Elderly patients (> 60 years), men, hypertensive, with CAD, previous myocardial infarction, smokers, and diabetic were highly prevalent in this series; the same risk factors were demonstrated to predispose a worse prognosis in COVID-192,3,4. It became clear we were dealing with a new scenario. Whereas we should continue providing urgent and elective lifesaving cardiovascular procedures to patients, the threat of COVID-19 affecting outcomes is henceforth a reality. Few reports until now have addressed the impact of COVID-19 in the perioperative period of cardiovascular surgery, and so remains a paucity of information related to surgical procedures and patient outcomes.

That study had as main limitations: number of patients included may restrict the generalization of the outcomes reported and incomplete laboratory testing hinders a more robust investigation of coagulation and inflammatory markers.

Therefore, the authors conclude that delaying procedures in RT-PCR-positive patients may help improve risks of perioperative complications and death, although efforts should be developed to enhance prognosis once a SARS-CoV-2-infected patient undergoes an urgent/emergent cardiovascular operation. Future well-designed studies with larger samples will be required to elucidate the overall impact of COVID-19 in patients requiring cardiovascular surgery procedures.

Read more

DIAS, R.R., et al. Impact of COVID-19 pandemic in a Brazilian high-volume aortic center. Brazilian Journal of Cardiovascular Surgery [online]. 2021, vol. 36, no. 2, pp. 145-149 [viewed 20 January 2022]. https://doi.org/10.21470/1678-9741-2020-0567. Available from: https://cdn.publisher.gn1.link/bjcvs.org/pdf/v36n2a02.pdf

GUAN, W.J., et al. Clinical characteristics of coronavirus disease 2019 in China. New England Journal of Medicine [online]. 2020, vol. 382, no. 18, pp. 1708-1720 [viewed 20 January 2022]. https://doi.org/10.1056/nejmoa2002032. Available from: https://www.nejm.org/doi/10.1056/NEJMoa2002032

GUZIK T.J., et al. COVID-19 and the cardiovascular system: implications for risk assessment, diagnosis, and treatment options. Cardiovascular Research [online]. 2020, vol. 116, no. 10, pp. 1666-1687 [viewed 20 January 2022]. https://doi.org/10.1093/cvr/cvaa106. Available from: https://academic.oup.com/cardiovascres/article/116/10/1666/5826160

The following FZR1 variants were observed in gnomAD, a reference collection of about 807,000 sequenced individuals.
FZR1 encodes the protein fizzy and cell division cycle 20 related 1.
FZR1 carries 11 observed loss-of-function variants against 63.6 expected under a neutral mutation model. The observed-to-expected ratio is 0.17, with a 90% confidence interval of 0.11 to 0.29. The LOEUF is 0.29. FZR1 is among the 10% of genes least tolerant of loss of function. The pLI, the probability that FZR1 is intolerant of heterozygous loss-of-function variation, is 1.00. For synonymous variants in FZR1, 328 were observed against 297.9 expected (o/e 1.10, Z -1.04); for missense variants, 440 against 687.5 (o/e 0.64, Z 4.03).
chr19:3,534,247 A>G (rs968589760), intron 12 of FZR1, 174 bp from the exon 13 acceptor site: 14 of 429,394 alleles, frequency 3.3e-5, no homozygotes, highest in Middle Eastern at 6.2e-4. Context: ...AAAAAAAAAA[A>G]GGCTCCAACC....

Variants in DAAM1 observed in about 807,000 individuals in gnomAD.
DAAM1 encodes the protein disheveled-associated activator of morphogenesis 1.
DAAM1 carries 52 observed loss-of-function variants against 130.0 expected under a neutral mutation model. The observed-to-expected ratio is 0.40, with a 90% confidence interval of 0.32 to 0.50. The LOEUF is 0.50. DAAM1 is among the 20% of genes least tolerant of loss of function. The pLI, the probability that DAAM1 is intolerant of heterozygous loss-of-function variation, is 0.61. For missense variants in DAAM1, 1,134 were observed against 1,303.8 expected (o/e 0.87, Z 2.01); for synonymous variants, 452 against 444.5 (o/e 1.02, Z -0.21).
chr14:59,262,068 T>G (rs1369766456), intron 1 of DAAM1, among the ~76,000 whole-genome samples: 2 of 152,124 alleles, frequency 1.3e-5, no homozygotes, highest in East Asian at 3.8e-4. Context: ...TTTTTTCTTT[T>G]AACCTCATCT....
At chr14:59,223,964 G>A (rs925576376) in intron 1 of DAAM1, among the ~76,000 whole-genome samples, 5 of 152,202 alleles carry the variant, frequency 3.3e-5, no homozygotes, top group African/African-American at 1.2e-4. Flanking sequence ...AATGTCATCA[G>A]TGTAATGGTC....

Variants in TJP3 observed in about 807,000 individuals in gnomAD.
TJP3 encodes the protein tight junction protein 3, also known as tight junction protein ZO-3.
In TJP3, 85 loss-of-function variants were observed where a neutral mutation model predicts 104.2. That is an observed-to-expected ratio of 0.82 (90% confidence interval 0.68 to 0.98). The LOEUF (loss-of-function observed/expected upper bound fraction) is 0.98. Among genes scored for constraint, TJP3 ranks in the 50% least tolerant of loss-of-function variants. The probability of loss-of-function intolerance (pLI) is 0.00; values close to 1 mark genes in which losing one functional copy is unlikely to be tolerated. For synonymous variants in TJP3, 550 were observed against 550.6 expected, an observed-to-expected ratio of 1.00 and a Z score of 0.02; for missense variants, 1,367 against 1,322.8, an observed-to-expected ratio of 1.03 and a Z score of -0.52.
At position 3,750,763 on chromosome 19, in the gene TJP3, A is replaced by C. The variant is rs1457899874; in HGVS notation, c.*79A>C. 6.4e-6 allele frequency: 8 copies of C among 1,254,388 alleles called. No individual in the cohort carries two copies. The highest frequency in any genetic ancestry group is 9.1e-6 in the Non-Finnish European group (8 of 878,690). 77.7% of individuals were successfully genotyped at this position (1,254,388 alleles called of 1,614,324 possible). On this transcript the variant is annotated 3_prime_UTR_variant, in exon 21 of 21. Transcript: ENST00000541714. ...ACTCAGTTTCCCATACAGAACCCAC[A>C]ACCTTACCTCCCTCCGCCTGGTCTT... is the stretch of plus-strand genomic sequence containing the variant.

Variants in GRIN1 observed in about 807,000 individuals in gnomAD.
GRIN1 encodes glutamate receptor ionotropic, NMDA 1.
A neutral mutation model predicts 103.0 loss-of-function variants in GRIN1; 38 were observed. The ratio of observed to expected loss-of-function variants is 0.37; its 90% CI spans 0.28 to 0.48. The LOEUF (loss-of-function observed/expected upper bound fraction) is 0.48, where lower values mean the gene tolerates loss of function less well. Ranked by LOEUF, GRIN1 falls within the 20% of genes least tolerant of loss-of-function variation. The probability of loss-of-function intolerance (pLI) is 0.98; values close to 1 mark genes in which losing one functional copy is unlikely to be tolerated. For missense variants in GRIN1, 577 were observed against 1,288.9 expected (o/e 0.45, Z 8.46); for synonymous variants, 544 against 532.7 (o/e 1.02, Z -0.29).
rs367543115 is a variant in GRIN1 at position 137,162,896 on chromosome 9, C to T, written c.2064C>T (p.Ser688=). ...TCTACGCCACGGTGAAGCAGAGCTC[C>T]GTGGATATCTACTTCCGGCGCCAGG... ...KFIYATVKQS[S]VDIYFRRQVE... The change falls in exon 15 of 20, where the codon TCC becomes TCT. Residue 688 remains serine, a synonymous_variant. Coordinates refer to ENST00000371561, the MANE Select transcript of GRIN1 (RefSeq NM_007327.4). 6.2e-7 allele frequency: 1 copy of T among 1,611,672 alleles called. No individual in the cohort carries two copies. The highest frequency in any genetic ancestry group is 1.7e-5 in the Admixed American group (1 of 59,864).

KIBBE, M.R. Surgery and COVID-19. JAMA [online]. 2020, vol. 324, no. 12, pp. 1151-1152 [viewed 20 January 2022]. https://doi.org/10.1001/jama.2020.15191. Available from: https://jamanetwork.com/journals/jama/fullarticle/2770860

ROCCO, I.S., et al. Cardiovascular involvement in COVID-19: not to be missed. Brazilian Journal of Cardiovascular Surgery. 2020, vol. 35, no. 4, pp. 530-538 [viewed 20 January 2022]. https://doi.org/10.21470/1678-9741-2020-0224. Available from: https://www.scielo.br/j/rbccv/a/xJGWPysKykLfzWvzpJTzxnQ/?lang=en

SILVEIRA, L.M.V.D., et al. Coronary artery bypass graft during the COVID-19 pandemic. Brazilian Journal of Cardiovascular Surgery [online]. 2020, vol. 35, no. 6, pp. 1003-1006 [viewed 20 January 2022]. https://doi.org/10.21470/1678-9741-2020-0283. Available from: https://cdn.publisher.gn1.link/bjcvs.org/pdf/v35n6a24.pdf

To read the article, access

GOMES, W.J., et al. COVID-19 in the Perioperative Period of Cardiovascular Surgery: the Brazilian Experience. Brazilian Journal of Cardiovascular Surgery [online]. 2021, vol. 36, no. 6, pp. 725-735 [viewed 20 December]. https://doi.org/10.21470/1678-9741-2021-0960.Available from: https://www.scielo.br/j/rbccv/a/Gy9XJDXMb7ZfpmfNMgnhnMJ/

External Link(s)

Walter J. Gomes – ORCID: https://orcid.org/0000-0003-3385-0215

Brazilian Journal of Cardiovascular Surgery – site: https://www.bjcvs.org/

Brazilian Journal of Cardiovascular Surgery: https://www.scielo.br/j/rbccv/

 

Como citar este post [ISO 690/2010]:

BARROS, L.N.F., OLIVEIRA, T.F. and OLIVEIRA, K.A.S. COVID-19 Affects Perioperative Morbidity and Mortality in Patients Requiring Cardiovascular Surgery [online]. SciELO in Perspective | Press Releases, 2022 [viewed ]. Available from: https://pressreleases.scielo.org/en/2022/01/21/covid-19-affects-perioperative-morbidity-and-mortality-in-patients-requiring-cardiovascular-surgery/